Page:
The Winnipeg Jets are facing the Anaheim Ducks in a best of seven series. Two teams go in, but only one will come out the victor and move on to the next round.
As members of two separate divisions, the Jets and Ducks have not faced off against each other very often. They have only gone head-to-head three times this season. Because of these reasons, Jets fans may not be so familiar with the non-star players of the opposition.
Let’s take a look at how the Jets and Ducks players stack up against each other.
This article is just a resource for Jets’ fans. For a preview of the season, check out this article.
Statistically Ryan Getzlaf is head and shoulders above the rest of the two teams’ centres; he is also pretty tall too. He’s is one of the league’s most dominant centres in terms of point production per minute and is also one of the very few exceptions where he sustains a scoring chance differential much greater than his Corsi. He is the only centre on either team that could be considered better than Bryan Little.
The Ducks second line centre should be familiar to former Manitoba Moose fans. Ryan Kesler was at one time one of the better shot-metric performers in the NHL, but since then Kesler’s aging curve has fallen significantly. He is still a player who can take tough assignments but only treads water as opposed to dominating these minutes. He also was always reliant on power play with the Sedin twins for point production and his scoring numbers have heavily dropped since.
Rickard Rackell has had a good season in numbers this year. His shot-metric performance sit just under that of Mark Scheifele and Adam Lowry, while he is scoring at a slightly higher pace.
Neither Nate Thompson nor Chris Wagner should be the cause of too many concerns for the Jet fans, as neither have performed better than Jim Slater.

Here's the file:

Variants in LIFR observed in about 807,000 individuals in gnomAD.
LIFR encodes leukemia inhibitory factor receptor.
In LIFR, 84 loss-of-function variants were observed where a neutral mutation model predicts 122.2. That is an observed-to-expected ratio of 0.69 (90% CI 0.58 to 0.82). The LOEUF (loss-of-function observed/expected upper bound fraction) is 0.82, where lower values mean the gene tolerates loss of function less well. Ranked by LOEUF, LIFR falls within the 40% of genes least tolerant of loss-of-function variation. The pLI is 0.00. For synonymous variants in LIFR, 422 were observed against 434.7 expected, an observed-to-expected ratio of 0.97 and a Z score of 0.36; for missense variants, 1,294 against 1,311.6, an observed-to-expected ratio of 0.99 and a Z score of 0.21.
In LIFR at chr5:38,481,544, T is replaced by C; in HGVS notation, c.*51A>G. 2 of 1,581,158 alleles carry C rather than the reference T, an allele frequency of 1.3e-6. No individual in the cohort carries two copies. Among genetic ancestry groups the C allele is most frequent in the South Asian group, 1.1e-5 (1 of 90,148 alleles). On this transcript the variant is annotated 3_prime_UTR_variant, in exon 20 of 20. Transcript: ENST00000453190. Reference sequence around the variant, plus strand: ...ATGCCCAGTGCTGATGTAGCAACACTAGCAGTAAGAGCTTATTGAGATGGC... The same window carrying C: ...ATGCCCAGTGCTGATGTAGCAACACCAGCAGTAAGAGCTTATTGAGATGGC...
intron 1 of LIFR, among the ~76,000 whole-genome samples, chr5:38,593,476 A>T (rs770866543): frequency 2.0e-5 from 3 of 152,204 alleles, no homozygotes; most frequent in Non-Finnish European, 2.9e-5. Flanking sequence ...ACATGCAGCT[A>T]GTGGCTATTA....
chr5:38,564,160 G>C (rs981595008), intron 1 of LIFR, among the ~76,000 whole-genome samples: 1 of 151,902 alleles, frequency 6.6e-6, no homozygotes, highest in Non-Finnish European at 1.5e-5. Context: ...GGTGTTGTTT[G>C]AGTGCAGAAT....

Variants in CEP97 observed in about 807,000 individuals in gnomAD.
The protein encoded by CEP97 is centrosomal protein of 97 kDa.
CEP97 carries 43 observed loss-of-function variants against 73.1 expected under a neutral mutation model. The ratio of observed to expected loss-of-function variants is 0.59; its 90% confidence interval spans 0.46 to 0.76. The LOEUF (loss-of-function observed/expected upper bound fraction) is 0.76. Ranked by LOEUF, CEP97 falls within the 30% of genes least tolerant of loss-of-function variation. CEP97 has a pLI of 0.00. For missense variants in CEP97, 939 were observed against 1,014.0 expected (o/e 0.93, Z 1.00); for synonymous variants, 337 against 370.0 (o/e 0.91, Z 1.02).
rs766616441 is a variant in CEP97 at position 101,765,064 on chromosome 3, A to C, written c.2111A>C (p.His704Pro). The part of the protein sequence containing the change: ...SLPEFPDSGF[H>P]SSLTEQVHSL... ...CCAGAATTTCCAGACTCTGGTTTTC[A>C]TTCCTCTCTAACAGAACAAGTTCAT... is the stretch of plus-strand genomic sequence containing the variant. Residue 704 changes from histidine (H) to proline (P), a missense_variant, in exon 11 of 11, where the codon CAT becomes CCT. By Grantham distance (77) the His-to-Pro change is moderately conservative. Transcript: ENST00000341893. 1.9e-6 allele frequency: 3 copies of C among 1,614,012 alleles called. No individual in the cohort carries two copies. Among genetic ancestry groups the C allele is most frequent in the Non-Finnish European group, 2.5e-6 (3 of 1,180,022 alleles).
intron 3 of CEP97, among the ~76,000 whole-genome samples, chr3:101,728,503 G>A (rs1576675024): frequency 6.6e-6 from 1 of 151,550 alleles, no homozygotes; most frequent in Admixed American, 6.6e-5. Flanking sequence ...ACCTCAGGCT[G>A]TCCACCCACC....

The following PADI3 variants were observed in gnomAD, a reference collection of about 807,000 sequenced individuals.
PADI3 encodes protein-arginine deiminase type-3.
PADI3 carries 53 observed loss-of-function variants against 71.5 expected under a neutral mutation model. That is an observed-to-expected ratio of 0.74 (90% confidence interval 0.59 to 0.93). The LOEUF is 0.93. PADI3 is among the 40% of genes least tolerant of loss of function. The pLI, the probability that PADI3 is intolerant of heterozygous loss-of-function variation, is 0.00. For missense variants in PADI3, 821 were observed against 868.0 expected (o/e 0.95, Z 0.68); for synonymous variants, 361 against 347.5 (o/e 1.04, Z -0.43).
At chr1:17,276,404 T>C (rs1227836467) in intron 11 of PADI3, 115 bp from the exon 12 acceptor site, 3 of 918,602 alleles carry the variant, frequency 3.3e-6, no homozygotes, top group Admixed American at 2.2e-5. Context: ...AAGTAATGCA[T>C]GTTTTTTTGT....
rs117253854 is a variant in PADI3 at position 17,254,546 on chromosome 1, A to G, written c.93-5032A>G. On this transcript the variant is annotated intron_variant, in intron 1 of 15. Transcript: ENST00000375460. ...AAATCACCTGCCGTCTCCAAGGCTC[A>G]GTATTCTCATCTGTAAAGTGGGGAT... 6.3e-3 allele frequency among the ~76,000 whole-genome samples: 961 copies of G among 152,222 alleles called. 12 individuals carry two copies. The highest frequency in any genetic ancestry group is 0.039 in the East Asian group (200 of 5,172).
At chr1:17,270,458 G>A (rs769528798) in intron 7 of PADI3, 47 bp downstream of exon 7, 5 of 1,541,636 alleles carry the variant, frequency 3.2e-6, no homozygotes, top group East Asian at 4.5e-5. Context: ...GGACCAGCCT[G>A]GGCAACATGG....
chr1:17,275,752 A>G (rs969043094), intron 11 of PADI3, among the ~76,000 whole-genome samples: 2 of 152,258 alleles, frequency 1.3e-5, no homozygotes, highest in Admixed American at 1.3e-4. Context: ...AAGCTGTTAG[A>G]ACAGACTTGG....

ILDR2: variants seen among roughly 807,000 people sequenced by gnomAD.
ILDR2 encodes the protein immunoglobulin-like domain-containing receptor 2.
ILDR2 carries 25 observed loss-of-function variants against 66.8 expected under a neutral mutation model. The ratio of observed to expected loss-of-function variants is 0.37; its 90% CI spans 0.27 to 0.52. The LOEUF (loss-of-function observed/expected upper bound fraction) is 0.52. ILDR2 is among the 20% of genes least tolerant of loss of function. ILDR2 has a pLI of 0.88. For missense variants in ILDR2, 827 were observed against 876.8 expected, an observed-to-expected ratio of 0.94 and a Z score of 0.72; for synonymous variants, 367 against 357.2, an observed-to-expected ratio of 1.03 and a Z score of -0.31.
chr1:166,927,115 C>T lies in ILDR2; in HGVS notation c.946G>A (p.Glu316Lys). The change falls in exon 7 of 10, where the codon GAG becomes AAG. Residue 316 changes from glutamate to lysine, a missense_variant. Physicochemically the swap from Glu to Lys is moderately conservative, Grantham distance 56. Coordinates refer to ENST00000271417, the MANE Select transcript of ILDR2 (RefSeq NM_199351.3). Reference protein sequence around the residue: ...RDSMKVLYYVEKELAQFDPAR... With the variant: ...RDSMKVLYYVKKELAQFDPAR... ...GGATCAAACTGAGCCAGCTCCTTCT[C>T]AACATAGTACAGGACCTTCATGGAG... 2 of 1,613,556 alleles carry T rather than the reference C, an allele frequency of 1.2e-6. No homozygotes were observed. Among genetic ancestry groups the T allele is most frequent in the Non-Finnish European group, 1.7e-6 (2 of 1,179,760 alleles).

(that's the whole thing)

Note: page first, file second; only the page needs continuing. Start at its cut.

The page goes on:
Note that the numbers are only for the sample that they’ve played on said team (ex: Stafford does not include games as a Sabre).
Corey Perry is a legitimate elite top-line winger. He scores at high-end rates and will be attached to the hip with Ryan Getzlaf. He also has a tendency to make 29 fanbases hate him. Patrick Maroon is projected to be the other winger on the top line.
Matt Belesky and Kyle Palmieri likely start on Ryan Kesler’s line. Beleskey has been performing well in both scoring and shot-metrics, although Palmieri has not. The Jets have a similar situation on their second line with Blake Wheeler and Drew Stafford, although Stafford has at least been scoring (even if unsustainably so).
On the third line the Ducks will probably carry Andrew Cogliano and Jakob Silfverberg on Rackell’s wings. Cogliano traditionally has performed similar to Michael Frolik although his numbers are a bit down this season.
The projected fourth line for the Ducks this series was Jiri Sekac and Tim Jackman on either side of Chris Wagner, but news just came out this morning that Emerson Etem will be coming in for Sekac. Etem has a 53.8 percent Corsi and a 1.18 point per sixty.
While the forwards were sorted by scoring chance differential, defenders tend to be better evaluated by Fenwick. Defensemen impact chances against mostly through blocking shots or reducing volume of shots. They also have very little control over creating scoring chances (except with extremes like Erik Karlsson and Dustin Byfuglien’s).
Interestingly, both the Jets and Ducks top pairing defensemen are clustered around each other. Tobias Enstrom, Hampus Lindholm, Francois Beauchemin, and Tyler Myers all have similar Fenwick percentages.
James Wisniewski and Simon Despres are legitimate threats. Their numbers have been good in Anaheim, but they also have a history of strong performance in their previous teams. Thankfully Bruce Boudreau will be sitting Wisniewski in favour of Clayton Stoner.
Sami Vatanen will be paired with Stoner on the third pair while Cam Fowler will be with Despres on the second.
All graphs and numbers provided by War-on-Ice and are 5v5 score-adjusted unless otherwise noted.